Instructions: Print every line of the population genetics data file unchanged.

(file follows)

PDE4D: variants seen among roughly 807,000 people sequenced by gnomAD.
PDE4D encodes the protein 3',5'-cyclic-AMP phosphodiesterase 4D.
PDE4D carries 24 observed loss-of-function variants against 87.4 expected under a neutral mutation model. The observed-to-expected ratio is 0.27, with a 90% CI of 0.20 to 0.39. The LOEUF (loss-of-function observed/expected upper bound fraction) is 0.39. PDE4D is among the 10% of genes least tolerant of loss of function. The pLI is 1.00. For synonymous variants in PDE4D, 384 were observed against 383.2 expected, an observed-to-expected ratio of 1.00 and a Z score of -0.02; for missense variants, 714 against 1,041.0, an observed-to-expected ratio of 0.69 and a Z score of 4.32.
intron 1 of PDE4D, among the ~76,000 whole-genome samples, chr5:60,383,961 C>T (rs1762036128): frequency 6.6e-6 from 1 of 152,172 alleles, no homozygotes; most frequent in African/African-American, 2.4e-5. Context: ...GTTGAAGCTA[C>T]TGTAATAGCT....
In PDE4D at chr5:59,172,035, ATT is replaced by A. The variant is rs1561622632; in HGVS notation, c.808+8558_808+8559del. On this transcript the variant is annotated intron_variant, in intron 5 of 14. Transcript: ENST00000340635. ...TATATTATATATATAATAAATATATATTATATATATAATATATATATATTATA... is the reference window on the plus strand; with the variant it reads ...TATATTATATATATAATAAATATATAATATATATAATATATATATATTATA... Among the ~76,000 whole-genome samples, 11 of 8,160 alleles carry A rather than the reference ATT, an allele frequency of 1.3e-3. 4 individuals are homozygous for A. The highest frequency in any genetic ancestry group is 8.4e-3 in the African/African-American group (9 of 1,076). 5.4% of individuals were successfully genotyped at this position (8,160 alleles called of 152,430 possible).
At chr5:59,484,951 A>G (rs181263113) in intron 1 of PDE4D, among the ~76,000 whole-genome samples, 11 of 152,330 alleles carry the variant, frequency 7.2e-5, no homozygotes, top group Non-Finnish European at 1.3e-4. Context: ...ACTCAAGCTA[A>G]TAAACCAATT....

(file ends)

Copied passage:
PDE4D: variants seen among roughly 807,000 people sequenced by gnomAD.
PDE4D encodes the protein 3',5'-cyclic-AMP phosphodiesterase 4D.
PDE4D carries 24 observed loss-of-function variants against 87.4 expected under a neutral mutation model. The observed-to-expected ratio is 0.27, with a 90% CI of 0.20 to 0.39. The LOEUF (loss-of-function observed/expected upper bound fraction) is 0.39. PDE4D is among the 10% of genes least tolerant of loss of function. The pLI is 1.00. For synonymous variants in PDE4D, 384 were observed against 383.2 expected, an observed-to-expected ratio of 1.00 and a Z score of -0.02; for missense variants, 714 against 1,041.0, an observed-to-expected ratio of 0.69 and a Z score of 4.32.
intron 1 of PDE4D, among the ~76,000 whole-genome samples, chr5:60,383,961 C>T (rs1762036128): frequency 6.6e-6 from 1 of 152,172 alleles, no homozygotes; most frequent in African/African-American, 2.4e-5. Context: ...GTTGAAGCTA[C>T]TGTAATAGCT....
In PDE4D at chr5:59,172,035, ATT is replaced by A. The variant is rs1561622632; in HGVS notation, c.808+8558_808+8559del. On this transcript the variant is annotated intron_variant, in intron 5 of 14. Transcript: ENST00000340635. ...TATATTATATATATAATAAATATATATTATATATATAATATATATATATTATA... is the reference window on the plus strand; with the variant it reads ...TATATTATATATATAATAAATATATAATATATATAATATATATATATTATA... Among the ~76,000 whole-genome samples, 11 of 8,160 alleles carry A rather than the reference ATT, an allele frequency of 1.3e-3. 4 individuals are homozygous for A. The highest frequency in any genetic ancestry group is 8.4e-3 in the African/African-American group (9 of 1,076). 5.4% of individuals were successfully genotyped at this position (8,160 alleles called of 152,430 possible).
At chr5:59,484,951 A>G (rs181263113) in intron 1 of PDE4D, among the ~76,000 whole-genome samples, 11 of 152,330 alleles carry the variant, frequency 7.2e-5, no homozygotes, top group Non-Finnish European at 1.3e-4. Context: ...ACTCAAGCTA[A>G]TAAACCAATT....